Then again I don’t have a criminal record at all but no-one will employ me, and my friend has found out he didn’t get the permanent job he went after, after a second interview, now he has to go to the job centre for 30hrs a week for a 3 months sentence, he doesn’t have a record either, he is an awesome computer technician, he just didn’t go to university, he couldn’t afford to, he had to start work from school to help his family, which he did until 2010 when the cuts started.
    But then we live in Hull, a place where no-one needs to go through to get anywhere!

    So sorry if I am babbling but I am really depressed for my friend, he deserves much better, everyone does!

    • beastrabban Says:

      I’m sorry for your friend, Jo, and the many people like him that are doubtless elsewhere. I think a lot of young people will be caught like him, unable to go to uni because of the high tuition fees. The whole rotten system needs changing.

      But Hull can’t be that bad. Not if it shares a name with Rod Hull, the man – sadly deceased – who gave the world the spectacle of a giant puppet bird, Emu, assaulting chat show host Michael Parkinson. It was indeed a noble sight, and has brought joy to millions.:)

      • joanna Says:

        That was funny, but I’m not really a fan of slap-stick comedy, though my favourites are Blackadder, Red Dwarf, Ab Fab and The Vicar of Dibley, I really detested The Benny Hill Show.

      • beastrabban Says:

        A lot of women detested the Benny Hill show. My mother didn’t like it, because she thought it degraded women. She likes all the others, though, so you and her share the same tastes. 🙂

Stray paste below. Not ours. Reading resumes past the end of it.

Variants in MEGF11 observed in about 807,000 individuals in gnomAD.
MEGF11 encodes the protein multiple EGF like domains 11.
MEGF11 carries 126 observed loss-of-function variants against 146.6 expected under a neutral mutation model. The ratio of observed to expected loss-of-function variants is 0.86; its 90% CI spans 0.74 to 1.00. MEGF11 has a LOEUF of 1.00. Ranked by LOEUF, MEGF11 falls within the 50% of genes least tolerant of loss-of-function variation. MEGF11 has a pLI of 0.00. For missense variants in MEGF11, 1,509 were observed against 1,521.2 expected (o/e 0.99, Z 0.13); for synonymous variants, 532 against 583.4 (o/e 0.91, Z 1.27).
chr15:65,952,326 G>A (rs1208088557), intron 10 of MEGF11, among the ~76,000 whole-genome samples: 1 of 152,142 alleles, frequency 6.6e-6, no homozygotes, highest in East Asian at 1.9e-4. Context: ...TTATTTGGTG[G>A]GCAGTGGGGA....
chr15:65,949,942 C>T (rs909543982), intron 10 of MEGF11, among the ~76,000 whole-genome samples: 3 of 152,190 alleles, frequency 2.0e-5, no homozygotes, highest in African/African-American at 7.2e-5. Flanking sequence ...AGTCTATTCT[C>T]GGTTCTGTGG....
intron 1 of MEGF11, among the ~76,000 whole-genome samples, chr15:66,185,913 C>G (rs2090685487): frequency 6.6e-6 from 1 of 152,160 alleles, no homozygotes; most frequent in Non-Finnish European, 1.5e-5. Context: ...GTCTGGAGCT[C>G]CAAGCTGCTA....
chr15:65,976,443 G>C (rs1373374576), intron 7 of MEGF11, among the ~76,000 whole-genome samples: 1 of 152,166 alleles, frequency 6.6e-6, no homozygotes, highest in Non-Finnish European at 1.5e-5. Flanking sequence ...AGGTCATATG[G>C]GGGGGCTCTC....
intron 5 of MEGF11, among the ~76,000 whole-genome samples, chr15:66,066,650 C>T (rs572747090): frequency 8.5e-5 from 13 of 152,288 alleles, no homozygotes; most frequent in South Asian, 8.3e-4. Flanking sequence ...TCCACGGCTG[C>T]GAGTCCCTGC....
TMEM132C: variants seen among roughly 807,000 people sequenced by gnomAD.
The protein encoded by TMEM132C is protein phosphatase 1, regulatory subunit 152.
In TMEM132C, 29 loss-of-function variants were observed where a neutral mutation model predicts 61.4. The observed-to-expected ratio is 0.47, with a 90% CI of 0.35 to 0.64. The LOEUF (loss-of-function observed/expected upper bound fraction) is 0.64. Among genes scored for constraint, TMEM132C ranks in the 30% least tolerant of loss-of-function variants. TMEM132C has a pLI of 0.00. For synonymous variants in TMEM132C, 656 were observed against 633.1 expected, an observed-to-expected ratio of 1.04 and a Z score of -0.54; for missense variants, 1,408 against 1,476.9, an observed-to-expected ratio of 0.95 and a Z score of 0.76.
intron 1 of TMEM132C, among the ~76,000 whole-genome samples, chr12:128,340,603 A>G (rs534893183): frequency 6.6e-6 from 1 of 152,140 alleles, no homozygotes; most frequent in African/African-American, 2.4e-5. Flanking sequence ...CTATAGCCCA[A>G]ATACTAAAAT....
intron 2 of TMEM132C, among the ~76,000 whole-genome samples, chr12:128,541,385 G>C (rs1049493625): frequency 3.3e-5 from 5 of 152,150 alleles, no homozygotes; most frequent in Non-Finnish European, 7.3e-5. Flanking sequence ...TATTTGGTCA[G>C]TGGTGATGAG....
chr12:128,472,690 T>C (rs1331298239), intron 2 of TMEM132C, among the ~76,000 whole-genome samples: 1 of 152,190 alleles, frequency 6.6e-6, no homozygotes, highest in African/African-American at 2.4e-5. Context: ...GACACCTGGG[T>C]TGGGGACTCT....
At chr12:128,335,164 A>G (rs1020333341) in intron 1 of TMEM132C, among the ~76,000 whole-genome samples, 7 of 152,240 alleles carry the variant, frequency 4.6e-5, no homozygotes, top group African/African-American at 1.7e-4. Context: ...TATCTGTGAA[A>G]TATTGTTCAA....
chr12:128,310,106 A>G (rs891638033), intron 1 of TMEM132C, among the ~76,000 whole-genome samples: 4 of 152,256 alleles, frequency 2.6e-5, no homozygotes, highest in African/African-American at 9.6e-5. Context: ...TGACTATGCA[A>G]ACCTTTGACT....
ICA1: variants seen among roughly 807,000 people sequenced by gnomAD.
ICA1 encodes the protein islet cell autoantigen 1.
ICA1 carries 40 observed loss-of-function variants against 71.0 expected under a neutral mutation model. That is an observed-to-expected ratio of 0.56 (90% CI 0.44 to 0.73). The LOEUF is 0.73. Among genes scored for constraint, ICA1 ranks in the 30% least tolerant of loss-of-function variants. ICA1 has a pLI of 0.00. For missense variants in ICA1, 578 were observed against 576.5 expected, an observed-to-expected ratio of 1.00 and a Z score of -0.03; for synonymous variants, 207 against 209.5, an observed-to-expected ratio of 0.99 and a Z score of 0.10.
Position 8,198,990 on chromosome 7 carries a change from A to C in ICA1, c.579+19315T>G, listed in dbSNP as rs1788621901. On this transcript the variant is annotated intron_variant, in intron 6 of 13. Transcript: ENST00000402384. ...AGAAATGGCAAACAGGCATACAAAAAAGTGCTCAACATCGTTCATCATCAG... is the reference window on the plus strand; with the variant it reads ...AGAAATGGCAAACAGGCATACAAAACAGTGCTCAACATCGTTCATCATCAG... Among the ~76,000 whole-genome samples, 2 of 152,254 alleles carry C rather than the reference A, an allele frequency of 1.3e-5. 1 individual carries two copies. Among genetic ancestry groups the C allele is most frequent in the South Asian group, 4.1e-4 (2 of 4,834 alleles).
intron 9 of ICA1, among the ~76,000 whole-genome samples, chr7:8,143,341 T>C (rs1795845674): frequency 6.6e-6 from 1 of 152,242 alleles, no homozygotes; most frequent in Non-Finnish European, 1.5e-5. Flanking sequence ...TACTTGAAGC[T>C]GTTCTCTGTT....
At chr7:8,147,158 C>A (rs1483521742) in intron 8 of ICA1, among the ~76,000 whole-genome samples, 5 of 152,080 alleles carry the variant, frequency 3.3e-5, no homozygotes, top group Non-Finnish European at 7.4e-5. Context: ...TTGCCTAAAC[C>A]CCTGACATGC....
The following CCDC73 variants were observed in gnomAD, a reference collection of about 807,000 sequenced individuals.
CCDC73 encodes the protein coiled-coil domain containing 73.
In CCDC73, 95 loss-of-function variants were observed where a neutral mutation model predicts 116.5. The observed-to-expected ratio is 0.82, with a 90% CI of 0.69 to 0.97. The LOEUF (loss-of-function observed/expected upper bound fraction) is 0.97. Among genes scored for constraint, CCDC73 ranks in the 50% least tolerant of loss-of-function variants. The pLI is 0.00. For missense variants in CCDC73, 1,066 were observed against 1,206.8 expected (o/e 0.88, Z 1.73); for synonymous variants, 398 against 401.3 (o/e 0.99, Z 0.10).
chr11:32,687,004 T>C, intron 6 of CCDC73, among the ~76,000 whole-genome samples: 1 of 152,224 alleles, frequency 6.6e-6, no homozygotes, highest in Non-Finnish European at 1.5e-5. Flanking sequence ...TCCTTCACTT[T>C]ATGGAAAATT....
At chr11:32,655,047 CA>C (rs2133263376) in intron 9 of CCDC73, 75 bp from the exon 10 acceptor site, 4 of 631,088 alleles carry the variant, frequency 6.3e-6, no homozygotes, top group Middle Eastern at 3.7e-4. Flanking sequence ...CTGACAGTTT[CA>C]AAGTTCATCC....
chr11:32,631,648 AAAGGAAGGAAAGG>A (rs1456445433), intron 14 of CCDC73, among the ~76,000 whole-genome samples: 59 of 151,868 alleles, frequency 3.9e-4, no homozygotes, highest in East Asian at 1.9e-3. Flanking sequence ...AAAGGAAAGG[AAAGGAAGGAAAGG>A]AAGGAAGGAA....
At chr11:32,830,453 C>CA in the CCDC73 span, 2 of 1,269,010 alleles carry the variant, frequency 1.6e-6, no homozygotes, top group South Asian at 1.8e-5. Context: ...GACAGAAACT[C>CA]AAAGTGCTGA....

5. joanna Says:

    William Wilberforce was from Hull, even though he made a name for himself as an abolitionist against slavery, did you know that he didn’t care at all about his constituents. But we also have other famous people such as, Philip Larkin, Maureen Lipman and Roland Gift. Henry viii visited Hull with Catherine Howard, and I think there was a baccarat scandal here. Those facts doesn’t help anyone even the fact that next year Hull is to be the city of culture.
    It’s like, what is the point of living in a gorgeous home if you are starving or can’t afford to run it.
    I really hope there comes a time when politicians will think about a basic guarantee income, then there will be no back stabbing.

    I’m sorry I went so off topic and babbled loads, I’m just feeling really down and I have no-one to talk to.

    Thank you so much Beastie for listening, I do get a lot from your articles as I am also interested in history.

    One article shocked me though, the one about children in a queue for food handouts, the shock is that nearly a hundred years apart and Nothing has changed!

    • beastrabban Says:

      I didn’t know William Wilberforce was from Hull, despite the fact that I took a biography of him by William Hague out of the City library. Maureen Lipman’s great – very funny lady. She was in the very last ‘Carry On’ film, ‘Carry On Columbus’, with Jon Pertwee, one of the Dr Whos and Wurzel Gummidge. Pertwee described meeting her in the make-up trailer for the movie at a Dr Who convention in Bristol about 20 or so years ago. ‘Mo!’ he said, ‘what are you doing here?’ ‘Same as you, love, making a buck’ said the great actress.

      I also hope that the politicos will introduce basic guaranteed income, but I think that sheer conservatism and resistance from orthodox business ideas were scupper it.

      And you’re right, it is shocking to think that, after almost 100 years, queues for food and starving children have come back.

      • joanna Says:

        Hi Beast I might be wrong about Wilberforce being born in Hull but he was a Tory MP in Hull. I was a young child when I first saw Benny Hill, to me the women looked old, but he looked ancient, but then, when I was 10yrs, 25 was old